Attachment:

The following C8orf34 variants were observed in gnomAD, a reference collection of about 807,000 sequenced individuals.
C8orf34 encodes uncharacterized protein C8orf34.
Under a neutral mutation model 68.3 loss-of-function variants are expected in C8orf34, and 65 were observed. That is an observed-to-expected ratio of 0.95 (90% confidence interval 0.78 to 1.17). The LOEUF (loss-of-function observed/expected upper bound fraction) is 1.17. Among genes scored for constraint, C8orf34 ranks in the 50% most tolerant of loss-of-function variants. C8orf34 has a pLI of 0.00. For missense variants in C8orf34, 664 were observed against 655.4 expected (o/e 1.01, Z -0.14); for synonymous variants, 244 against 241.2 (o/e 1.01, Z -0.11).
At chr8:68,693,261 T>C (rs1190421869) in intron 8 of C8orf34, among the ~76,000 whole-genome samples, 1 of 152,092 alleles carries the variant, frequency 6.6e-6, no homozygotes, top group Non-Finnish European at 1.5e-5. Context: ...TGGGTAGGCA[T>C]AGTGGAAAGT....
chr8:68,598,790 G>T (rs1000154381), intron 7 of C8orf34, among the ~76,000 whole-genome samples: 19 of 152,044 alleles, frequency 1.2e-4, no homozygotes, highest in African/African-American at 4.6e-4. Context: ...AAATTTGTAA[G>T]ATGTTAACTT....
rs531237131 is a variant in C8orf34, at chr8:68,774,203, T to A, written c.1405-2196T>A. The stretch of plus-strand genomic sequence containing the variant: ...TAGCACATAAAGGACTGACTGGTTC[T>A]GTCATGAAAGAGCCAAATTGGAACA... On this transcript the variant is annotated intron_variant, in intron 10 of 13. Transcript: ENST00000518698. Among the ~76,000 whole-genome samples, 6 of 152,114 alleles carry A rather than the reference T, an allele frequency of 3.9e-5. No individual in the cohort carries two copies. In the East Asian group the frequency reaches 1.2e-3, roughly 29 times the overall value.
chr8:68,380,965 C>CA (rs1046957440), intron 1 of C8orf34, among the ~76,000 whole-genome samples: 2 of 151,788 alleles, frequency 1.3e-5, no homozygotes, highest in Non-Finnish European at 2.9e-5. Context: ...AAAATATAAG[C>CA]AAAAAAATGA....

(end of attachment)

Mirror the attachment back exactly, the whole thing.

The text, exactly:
The following C8orf34 variants were observed in gnomAD, a reference collection of about 807,000 sequenced individuals.
C8orf34 encodes uncharacterized protein C8orf34.
Under a neutral mutation model 68.3 loss-of-function variants are expected in C8orf34, and 65 were observed. That is an observed-to-expected ratio of 0.95 (90% confidence interval 0.78 to 1.17). The LOEUF (loss-of-function observed/expected upper bound fraction) is 1.17. Among genes scored for constraint, C8orf34 ranks in the 50% most tolerant of loss-of-function variants. C8orf34 has a pLI of 0.00. For missense variants in C8orf34, 664 were observed against 655.4 expected (o/e 1.01, Z -0.14); for synonymous variants, 244 against 241.2 (o/e 1.01, Z -0.11).
At chr8:68,693,261 T>C (rs1190421869) in intron 8 of C8orf34, among the ~76,000 whole-genome samples, 1 of 152,092 alleles carries the variant, frequency 6.6e-6, no homozygotes, top group Non-Finnish European at 1.5e-5. Context: ...TGGGTAGGCA[T>C]AGTGGAAAGT....
chr8:68,598,790 G>T (rs1000154381), intron 7 of C8orf34, among the ~76,000 whole-genome samples: 19 of 152,044 alleles, frequency 1.2e-4, no homozygotes, highest in African/African-American at 4.6e-4. Context: ...AAATTTGTAA[G>T]ATGTTAACTT....
rs531237131 is a variant in C8orf34, at chr8:68,774,203, T to A, written c.1405-2196T>A. The stretch of plus-strand genomic sequence containing the variant: ...TAGCACATAAAGGACTGACTGGTTC[T>A]GTCATGAAAGAGCCAAATTGGAACA... On this transcript the variant is annotated intron_variant, in intron 10 of 13. Transcript: ENST00000518698. Among the ~76,000 whole-genome samples, 6 of 152,114 alleles carry A rather than the reference T, an allele frequency of 3.9e-5. No individual in the cohort carries two copies. In the East Asian group the frequency reaches 1.2e-3, roughly 29 times the overall value.
chr8:68,380,965 C>CA (rs1046957440), intron 1 of C8orf34, among the ~76,000 whole-genome samples: 2 of 151,788 alleles, frequency 1.3e-5, no homozygotes, highest in Non-Finnish European at 2.9e-5. Context: ...AAAATATAAG[C>CA]AAAAAAATGA....